Whatever I did wrong left me with undercooked orzo that stuck to the bottom of the pan. Hating to waste food, I stirred in water -- about a cup -- hoping to deglaze the pan and get the orzo al dente. It worked and the water either cooked off or was completely absorbed. Disaster averted. Dinner was served.

Dinner was all right. It wasn't bad, but I wasn't left craving it either. The husband liked it and the 7-year-old not only cleaned her plate but tried olives and feta cheese for the first time and declared she likes both. Can't beat that, right?

Maybe I should've checked the cooking instructions on the orzo bag. After all, I heard 1 cup-1 can from the same woman who said it's perfectly fine to use jarred minced garlic. (No. No, it's not.)

Here's the recipe with better instructions for cooking the orzo:

1 tablespoon olive oil
4 skinless boneless chicken breast halves
1 clove garlic, minced
3 tablespoons balsamic vinegar
3/4 cup water
1 can Campbell's Condensed Cream of Chicken Soup
1 cup diced plum tomatoes or 1/2 cup thinkly sliced sun-dried tomatoes
1/2 cup sliced pitted kalamata olives
1/2 teaspoon dried oregano leaves, crushed
1/4 cup crumbled feta cheese
Hot cooked orzo pasta

Heat the oil in a 10-inch skillet over medium-high heat. Add the chicken and cook for 10 minutes or until well browned on both sides. Remove the chicken from the skillet.
Stir the garlic and vinegar into the water in a measuring cup and slowly add it to the skillet. Cook and stir for 1 minute.
Stir in the soup, tomatoes, olives and oregano and heat to a boil.
Return the chicken to the skillet. Reduce the heat to low. Cook for 5 minutes or until the chicken is cooked through.
Sprinkle with the cheese. Serve the chicken and sauce with hot cooked orzo.

Hot cooked orzo
I would start with 1 can of chicken broth and add half a can of water. Bring it to a boil and stir in 1 cup of orzo. Maybe reduce the heat. I would watch it closely and stir occasionally. If you have better ideas, leave them in the comments.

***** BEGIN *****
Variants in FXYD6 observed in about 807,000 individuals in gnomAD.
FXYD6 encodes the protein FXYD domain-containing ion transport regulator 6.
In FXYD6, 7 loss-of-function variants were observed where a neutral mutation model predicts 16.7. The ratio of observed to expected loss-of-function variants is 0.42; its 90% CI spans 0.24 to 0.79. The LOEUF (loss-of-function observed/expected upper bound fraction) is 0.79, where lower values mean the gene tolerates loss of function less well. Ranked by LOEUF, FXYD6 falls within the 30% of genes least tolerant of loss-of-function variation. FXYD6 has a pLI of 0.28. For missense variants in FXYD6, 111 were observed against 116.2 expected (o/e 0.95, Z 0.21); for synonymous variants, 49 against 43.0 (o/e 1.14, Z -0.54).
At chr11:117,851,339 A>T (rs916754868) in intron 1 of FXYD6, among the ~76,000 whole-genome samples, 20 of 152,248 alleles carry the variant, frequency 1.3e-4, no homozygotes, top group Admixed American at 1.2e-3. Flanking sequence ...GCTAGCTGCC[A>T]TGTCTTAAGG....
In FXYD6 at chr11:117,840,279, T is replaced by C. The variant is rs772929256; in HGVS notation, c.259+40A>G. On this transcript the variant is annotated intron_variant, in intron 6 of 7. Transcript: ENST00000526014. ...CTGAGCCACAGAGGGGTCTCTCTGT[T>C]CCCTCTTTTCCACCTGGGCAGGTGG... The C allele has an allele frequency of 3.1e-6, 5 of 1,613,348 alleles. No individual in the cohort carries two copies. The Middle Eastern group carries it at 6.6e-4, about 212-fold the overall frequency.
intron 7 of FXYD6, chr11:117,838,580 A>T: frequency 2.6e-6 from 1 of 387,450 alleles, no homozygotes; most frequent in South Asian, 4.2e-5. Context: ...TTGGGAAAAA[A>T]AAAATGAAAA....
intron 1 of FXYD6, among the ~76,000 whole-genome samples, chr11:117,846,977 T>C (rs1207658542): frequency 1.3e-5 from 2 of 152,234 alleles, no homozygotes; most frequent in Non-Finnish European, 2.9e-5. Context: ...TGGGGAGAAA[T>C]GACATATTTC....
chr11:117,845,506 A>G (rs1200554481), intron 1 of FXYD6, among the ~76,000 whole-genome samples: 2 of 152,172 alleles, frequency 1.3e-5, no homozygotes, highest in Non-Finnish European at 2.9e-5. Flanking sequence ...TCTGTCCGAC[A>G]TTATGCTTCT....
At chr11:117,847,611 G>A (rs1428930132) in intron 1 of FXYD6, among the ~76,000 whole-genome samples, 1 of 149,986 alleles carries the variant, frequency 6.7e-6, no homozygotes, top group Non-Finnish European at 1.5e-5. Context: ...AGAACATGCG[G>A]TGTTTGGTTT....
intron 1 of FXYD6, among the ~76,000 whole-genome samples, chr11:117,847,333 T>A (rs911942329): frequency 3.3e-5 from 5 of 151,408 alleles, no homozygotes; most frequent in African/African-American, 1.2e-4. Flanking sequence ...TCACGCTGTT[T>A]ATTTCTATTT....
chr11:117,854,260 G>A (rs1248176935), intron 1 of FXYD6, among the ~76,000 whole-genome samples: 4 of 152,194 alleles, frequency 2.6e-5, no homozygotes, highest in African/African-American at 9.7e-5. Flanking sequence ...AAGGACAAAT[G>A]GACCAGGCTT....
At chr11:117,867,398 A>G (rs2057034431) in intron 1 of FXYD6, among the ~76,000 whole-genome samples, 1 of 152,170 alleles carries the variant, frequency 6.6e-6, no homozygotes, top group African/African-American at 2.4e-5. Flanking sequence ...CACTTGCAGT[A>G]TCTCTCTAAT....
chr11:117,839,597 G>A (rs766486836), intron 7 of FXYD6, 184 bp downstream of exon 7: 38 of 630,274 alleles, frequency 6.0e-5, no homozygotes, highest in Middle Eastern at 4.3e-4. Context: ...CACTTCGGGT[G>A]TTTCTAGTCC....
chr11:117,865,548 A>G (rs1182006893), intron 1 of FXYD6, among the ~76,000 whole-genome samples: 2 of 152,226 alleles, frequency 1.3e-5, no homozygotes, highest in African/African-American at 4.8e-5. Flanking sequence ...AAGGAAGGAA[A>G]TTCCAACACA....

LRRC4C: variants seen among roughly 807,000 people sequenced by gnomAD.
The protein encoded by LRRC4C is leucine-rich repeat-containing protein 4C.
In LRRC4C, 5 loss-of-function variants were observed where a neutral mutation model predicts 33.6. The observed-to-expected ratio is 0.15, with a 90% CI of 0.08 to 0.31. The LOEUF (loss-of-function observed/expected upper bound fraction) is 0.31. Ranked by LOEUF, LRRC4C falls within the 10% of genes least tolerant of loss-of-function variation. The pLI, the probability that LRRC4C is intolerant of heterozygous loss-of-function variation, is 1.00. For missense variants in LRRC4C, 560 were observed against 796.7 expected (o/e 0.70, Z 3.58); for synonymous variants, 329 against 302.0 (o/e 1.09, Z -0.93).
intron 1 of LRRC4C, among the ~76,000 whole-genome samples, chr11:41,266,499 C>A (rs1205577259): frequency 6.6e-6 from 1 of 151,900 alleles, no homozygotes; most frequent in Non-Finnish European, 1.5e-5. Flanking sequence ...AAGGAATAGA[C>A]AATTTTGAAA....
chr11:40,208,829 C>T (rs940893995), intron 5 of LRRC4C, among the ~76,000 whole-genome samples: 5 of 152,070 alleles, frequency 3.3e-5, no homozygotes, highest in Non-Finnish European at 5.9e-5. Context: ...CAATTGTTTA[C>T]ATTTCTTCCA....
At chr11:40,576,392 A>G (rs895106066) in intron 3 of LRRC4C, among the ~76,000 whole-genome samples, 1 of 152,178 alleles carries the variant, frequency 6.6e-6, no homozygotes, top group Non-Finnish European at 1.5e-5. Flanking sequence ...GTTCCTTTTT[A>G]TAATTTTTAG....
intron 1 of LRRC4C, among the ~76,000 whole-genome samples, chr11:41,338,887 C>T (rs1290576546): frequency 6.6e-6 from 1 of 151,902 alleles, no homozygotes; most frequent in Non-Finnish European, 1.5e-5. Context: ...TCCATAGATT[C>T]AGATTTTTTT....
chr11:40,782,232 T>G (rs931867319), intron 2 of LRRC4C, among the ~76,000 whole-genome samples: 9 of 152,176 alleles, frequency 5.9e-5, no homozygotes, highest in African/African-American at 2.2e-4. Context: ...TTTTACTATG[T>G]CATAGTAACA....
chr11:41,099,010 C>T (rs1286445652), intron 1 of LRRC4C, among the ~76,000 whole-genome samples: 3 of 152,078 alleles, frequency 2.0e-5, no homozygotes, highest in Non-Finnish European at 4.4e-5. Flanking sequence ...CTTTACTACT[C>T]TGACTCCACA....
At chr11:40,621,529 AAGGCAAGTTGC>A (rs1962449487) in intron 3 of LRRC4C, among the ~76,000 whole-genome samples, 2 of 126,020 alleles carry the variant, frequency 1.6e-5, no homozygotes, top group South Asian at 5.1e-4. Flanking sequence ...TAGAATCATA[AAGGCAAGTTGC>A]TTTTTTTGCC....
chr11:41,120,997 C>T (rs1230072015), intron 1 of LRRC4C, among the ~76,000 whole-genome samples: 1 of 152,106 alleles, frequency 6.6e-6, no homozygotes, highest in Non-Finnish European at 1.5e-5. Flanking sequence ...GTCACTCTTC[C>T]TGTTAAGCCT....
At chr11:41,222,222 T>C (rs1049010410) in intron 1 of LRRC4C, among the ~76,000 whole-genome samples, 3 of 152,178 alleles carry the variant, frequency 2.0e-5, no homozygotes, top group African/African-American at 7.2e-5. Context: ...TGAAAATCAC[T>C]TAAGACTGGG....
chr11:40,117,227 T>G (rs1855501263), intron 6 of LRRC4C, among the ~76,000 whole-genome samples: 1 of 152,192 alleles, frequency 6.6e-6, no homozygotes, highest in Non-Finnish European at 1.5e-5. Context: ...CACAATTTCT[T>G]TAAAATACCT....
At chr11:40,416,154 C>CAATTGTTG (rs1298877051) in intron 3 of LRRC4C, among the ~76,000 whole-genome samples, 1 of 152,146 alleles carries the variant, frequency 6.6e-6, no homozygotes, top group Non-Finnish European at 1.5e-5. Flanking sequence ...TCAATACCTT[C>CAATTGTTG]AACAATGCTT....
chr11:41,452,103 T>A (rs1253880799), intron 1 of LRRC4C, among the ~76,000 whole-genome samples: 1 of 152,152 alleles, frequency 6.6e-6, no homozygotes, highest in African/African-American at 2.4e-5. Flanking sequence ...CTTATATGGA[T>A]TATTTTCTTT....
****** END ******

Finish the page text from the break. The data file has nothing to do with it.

Thursday, October 7, 2010

Amy's Kitchen has come to Oakland, Md., Walmart

I live 30 miles from good Indian food. (OK, I live 30 miles from ANY Indian food.)

So I am excited to see Amy's frozen meals for sale at the Walmart in Oakland, Md.

I picked the Palak Paneer with a side of Rajmah dal for $3.77. I ate the kidney beans in ginger-garlic sauce first so I could savor my favorite part: the creamed spinach with cheese (the paneer) and basmati rice uninterrupted.

Was it as good as Ram's at Mother India in Morgantown, WV? No. But it was a reasonably priced and accessible substitute.

Monday, October 4, 2010

Easy Fall Breakfast: Baked Apple Oatmeal

Monday started off better this week thanks to pre-planning and this recipe for a nourishing baked apple oatmeal. I didn't have wheat germ so I reduced the milk to 3 cups. I also mixed it on Sunday night and refrigerated the dish. When I woke up, I put it in a cold oven and turned it to 350. It baked in the 45 minutes it took us to get ready for work. There was no school and our daughter had a friend stay over. We all had a good, hot breakfast -- on a MONDAY! We will be making this recipe often this winter.


4 cups milk
1/2 cup packed brown sugar
2 teaspoons butter
1/2 teaspoon salt
1/2 teaspoon ground cinnamon
2 cups old-fashioned oats
2 cups chopped peeled apples
1 cup chopped walnuts
1 cup raisins
1 cup toasted wheat germ

In a large saucepan, heat milk, brown sugar, butter, salt and cinnamon. Add remaining ingredients; mix gently.
Spoon into a greased 2-quart casserole. Cover and bake at 350° for 45 minutes. Yield: 6-8 servings.

Nutrition Facts: 1 serving (1 cup) equals 422 calories, 17 g fat (4 g saturated fat), 19 mg cholesterol, 226 mg sodium, 59 g carbohydrate, 6 g fiber, 16 g protein.

Friday, October 1, 2010

How do you eat your buckwheat cakes?

If you need to know what buckwheat cakes are, go here.

My family eats buckwheat cakes with butter and maple syrup and a side of sausage.

But I've seen people heap on sausage gravy or applesauce or apple butter to complement -- or maybe cover up -- the taste. I have heard of people smearing them with peanut butter or elderberry jam.

I gotta ask:

How do YOU eat your buckwheat cakes?

Tell me in the comments.